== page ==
Member (2014)
Danish to English
+ ...
Blue Board Feb 28

Jørgen Madsen wrote:

How can this company have 69 5's on the Blueboard?
Something's not right...


Exactly. And did you notice the flood of 5's from several translators on the same dates?

Try to look them up at paymentpractices.net if you have a subscription. On that site, it's possible to comment on companies without having had to work for them first.


Jørgen Madsen
 

Jørgen Madsen  Identity Verified
Local time: 13:46
English to Danish
+ ...
TOPIC STARTER
Nothing sucks like... Feb 28

XXX Translations.

 

Thomas Pfann  Identity Verified
United Kingdom
Local time: 12:46
Member (2006)
English to German
+ ...
Common misunderstanding Feb 28

If they don't have a VAT number (which is perfectly fine) they pay your full invoice (incl. VAT) but can't claim back the VAT – their loss. When quoting you probably quoted your 'price + VAT' to make them aware that the final rate they will have to pay is higher than the quoted rate.

I found myself in your client's situation once: I (not VAT-registered) outsourced some work to a Germany-based (and VAT-registered) colleague and didn't factor in that they were charging VAT. Well, I
... See more
If they don't have a VAT number (which is perfectly fine) they pay your full invoice (incl. VAT) but can't claim back the VAT – their loss. When quoting you probably quoted your 'price + VAT' to make them aware that the final rate they will have to pay is higher than the quoted rate.

I found myself in your client's situation once: I (not VAT-registered) outsourced some work to a Germany-based (and VAT-registered) colleague and didn't factor in that they were charging VAT. Well, I had to swallow the pill and pay a little more than expected. Lesson learned.

It's easily forgotten but VAT should be clarified before working together. If the client is not VAT-registered then you should make sure they understand that VAT will be added to the quoted price or, better still, quote a higher price which already includes VAT.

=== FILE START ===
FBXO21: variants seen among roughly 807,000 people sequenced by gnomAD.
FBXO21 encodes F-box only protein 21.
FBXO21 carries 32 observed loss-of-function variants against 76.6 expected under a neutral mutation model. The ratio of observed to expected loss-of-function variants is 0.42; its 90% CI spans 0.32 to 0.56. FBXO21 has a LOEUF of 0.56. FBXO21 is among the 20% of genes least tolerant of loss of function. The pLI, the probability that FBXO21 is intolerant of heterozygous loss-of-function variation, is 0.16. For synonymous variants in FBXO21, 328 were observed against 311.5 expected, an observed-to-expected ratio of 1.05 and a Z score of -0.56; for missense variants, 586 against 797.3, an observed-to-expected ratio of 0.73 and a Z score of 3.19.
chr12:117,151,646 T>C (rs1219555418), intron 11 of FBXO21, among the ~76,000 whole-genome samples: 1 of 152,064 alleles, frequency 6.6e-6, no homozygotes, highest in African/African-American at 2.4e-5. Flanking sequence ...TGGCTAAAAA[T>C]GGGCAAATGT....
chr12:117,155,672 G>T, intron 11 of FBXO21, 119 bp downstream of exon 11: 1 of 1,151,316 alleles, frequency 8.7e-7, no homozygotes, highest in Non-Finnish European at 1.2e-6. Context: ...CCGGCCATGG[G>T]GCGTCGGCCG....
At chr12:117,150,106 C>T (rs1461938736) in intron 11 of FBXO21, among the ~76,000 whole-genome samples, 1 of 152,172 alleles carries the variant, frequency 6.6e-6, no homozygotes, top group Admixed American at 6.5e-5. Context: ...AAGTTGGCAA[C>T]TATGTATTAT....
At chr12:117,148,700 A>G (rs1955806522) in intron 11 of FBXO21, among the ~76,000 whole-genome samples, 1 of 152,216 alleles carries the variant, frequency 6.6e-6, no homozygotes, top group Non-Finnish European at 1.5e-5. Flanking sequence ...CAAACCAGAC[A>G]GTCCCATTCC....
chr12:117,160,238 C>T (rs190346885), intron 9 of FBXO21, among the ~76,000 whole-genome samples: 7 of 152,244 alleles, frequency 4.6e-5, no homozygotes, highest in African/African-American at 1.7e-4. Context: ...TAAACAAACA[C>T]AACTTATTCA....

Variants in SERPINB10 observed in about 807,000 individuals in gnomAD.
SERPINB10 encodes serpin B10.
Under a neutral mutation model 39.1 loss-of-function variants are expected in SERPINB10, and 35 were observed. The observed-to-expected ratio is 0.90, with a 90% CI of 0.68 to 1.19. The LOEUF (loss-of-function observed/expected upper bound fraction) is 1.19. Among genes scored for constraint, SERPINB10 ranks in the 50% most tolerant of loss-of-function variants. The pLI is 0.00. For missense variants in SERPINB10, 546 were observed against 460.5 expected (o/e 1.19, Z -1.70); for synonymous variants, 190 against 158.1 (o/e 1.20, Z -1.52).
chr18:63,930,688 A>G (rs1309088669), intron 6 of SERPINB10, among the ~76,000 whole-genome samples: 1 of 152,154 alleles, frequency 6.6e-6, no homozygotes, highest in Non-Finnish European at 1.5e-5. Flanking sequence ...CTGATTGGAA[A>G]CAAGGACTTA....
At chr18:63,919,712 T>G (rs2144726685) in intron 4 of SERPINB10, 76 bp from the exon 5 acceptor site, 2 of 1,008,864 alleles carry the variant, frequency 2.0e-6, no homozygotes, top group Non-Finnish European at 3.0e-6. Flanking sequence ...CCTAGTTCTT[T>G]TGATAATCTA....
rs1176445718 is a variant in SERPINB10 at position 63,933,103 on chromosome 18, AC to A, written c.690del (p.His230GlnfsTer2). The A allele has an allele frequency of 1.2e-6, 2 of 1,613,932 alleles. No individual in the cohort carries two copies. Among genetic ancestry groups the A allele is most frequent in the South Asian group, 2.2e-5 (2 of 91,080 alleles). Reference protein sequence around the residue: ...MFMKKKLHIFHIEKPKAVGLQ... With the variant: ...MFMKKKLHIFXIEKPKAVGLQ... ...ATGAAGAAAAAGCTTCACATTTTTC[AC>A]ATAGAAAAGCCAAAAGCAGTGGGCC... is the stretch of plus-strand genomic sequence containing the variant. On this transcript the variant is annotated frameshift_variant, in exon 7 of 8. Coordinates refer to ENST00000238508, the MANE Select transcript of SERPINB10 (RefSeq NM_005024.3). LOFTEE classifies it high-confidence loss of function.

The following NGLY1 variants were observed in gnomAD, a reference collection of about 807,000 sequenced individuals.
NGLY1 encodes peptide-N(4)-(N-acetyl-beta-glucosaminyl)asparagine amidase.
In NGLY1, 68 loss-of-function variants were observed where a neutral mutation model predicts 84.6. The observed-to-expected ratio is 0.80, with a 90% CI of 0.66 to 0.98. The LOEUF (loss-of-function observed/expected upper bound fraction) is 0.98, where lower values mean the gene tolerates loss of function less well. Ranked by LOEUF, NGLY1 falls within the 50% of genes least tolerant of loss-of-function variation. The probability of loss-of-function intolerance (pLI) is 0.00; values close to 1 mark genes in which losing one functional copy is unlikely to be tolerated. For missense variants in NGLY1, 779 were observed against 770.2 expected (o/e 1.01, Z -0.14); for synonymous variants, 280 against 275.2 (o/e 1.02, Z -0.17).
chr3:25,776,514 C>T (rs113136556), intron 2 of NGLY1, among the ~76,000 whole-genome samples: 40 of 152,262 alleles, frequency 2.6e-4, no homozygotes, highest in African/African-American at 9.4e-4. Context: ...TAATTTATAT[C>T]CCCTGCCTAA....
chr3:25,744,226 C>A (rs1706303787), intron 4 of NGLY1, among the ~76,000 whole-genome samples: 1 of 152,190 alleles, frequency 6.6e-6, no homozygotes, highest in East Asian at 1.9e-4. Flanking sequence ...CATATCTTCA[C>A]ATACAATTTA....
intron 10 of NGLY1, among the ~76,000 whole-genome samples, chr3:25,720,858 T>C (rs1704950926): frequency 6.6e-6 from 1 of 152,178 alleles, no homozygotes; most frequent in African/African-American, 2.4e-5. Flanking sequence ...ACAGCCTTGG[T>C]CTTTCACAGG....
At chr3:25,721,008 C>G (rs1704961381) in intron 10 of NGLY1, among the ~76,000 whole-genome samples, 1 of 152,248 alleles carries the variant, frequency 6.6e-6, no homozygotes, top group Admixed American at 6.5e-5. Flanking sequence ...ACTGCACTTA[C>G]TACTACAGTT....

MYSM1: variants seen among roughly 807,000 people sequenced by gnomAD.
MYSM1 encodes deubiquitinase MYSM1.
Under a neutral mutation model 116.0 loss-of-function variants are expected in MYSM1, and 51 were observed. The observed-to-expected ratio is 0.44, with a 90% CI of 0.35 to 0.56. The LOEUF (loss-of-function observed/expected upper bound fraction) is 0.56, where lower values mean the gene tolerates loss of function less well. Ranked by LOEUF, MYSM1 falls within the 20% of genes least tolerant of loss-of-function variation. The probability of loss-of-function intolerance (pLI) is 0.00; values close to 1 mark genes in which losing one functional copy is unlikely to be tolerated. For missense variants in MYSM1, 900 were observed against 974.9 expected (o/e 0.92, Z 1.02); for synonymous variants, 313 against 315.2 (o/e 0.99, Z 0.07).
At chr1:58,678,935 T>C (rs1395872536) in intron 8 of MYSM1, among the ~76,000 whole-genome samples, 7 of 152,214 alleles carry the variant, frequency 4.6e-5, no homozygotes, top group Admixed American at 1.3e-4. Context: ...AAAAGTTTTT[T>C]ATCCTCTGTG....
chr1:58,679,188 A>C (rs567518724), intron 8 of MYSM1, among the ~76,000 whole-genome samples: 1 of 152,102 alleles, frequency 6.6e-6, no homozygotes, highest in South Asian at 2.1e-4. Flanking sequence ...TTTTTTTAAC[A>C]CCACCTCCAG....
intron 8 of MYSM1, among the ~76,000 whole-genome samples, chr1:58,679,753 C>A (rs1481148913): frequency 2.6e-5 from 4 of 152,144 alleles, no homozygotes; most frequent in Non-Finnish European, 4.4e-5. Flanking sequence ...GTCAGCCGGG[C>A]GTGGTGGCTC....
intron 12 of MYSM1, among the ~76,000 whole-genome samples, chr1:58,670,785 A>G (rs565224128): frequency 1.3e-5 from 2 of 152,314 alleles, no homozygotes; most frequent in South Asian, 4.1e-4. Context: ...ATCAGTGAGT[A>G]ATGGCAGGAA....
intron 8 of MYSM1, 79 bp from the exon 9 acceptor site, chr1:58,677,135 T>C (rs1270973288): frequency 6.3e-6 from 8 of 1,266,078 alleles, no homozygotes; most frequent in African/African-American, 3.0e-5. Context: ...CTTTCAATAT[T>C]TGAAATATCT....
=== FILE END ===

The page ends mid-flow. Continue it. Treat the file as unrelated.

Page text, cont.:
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Thomas T. Frost  Identity Verified
Member (2014)
Danish to English
+ ...
No, translator's loss Feb 28

Thomas Pfann refers to the general case, but we should be aware that in the case of this specific company (it is indeed the one I and Anne Goergens referred to; I checked with Jørgen), they make the translator accept the following clause in their Service Agreement:

'Since [agency] is not subject to any VAT Linguist agrees on covering such Fees on his/her behalf without claiming any VAT upon submitting the invoice to [agency].'

They don't mention this during the rate ne
... See more
Thomas Pfann refers to the general case, but we should be aware that in the case of this specific company (it is indeed the one I and Anne Goergens referred to; I checked with Jørgen), they make the translator accept the following clause in their Service Agreement:

'Since [agency] is not subject to any VAT Linguist agrees on covering such Fees on his/her behalf without claiming any VAT upon submitting the invoice to [agency].'

They don't mention this during the rate negotiation.
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philgoddard
United States
Member (2009)
German to English
+ ...
If it's not a silly question... Feb 28

Assuming they're in a different country to you, surely you shouldn't be charging them VAT anyway?

Tom in London
 

Thomas T. Frost  Identity Verified
Member (2014)
Danish to English
+ ...
EU Feb 28

philgoddard wrote:

Assuming they're in a different country to you, surely you shouldn't be charging them VAT anyway?


Yes, he should. It's in the EU. In order not to charge VAT when selling to another country in the EU's VAT area, the seller needs to check that the client has a valid VAT number. Otherwise VAT is due. It doesn't work like US sales tax.

So a consumer in the EU can't save the VAT simply by buying in another member state.


Teresa Borges
 

Christine Andersen  Identity Verified
Denmark
Local time: 13:46
Member (2003)
Danish to English
+ ...
EU Directive 2006/112/EC Article no. 195 "Reverse charge mechanism" Feb 28

This probably will not help, but until 31 December this year, the UK is still subject to EU regulations.

One of my clients makes out my invoices for me to approve, and has this at the bottom:

Ved handler mellem EU-lande er modtageren af tjenesten momspligtig i henhold til EU-direktiv 2006/112/EC Article No 196, "reverse charge mechanism".